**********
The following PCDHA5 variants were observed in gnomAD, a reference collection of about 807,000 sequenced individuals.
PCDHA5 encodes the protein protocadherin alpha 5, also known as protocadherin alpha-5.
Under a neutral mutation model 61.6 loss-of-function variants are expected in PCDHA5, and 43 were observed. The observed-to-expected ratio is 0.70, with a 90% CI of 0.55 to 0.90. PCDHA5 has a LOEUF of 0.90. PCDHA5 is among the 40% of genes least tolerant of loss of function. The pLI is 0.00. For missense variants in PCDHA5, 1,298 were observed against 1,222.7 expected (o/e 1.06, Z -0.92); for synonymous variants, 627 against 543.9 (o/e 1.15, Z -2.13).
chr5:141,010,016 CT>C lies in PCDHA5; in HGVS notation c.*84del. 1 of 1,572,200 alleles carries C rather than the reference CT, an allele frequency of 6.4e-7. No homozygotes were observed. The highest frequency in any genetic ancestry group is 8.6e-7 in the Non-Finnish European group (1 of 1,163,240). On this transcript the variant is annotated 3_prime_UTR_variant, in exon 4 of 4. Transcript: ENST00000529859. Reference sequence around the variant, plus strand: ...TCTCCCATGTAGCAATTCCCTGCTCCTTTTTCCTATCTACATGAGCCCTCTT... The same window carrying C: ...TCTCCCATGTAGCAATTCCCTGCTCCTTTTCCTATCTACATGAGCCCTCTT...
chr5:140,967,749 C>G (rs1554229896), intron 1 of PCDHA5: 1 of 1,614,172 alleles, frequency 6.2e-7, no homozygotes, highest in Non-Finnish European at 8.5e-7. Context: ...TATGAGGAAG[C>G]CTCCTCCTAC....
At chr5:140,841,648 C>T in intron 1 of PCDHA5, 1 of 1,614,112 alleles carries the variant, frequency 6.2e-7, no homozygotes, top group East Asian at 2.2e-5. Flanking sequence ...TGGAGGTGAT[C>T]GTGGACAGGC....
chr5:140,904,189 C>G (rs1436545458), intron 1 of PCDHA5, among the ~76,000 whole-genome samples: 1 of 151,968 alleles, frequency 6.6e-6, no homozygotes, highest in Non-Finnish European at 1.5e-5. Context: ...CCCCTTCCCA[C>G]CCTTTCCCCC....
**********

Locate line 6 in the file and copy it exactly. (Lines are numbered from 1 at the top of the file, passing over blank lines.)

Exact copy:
At chr5:140,841,648 C>T in intron 1 of PCDHA5, 1 of 1,614,112 alleles carries the variant, frequency 6.2e-7, no homozygotes, top group East Asian at 2.2e-5. Flanking sequence ...TGGAGGTGAT[C>T]GTGGACAGGC....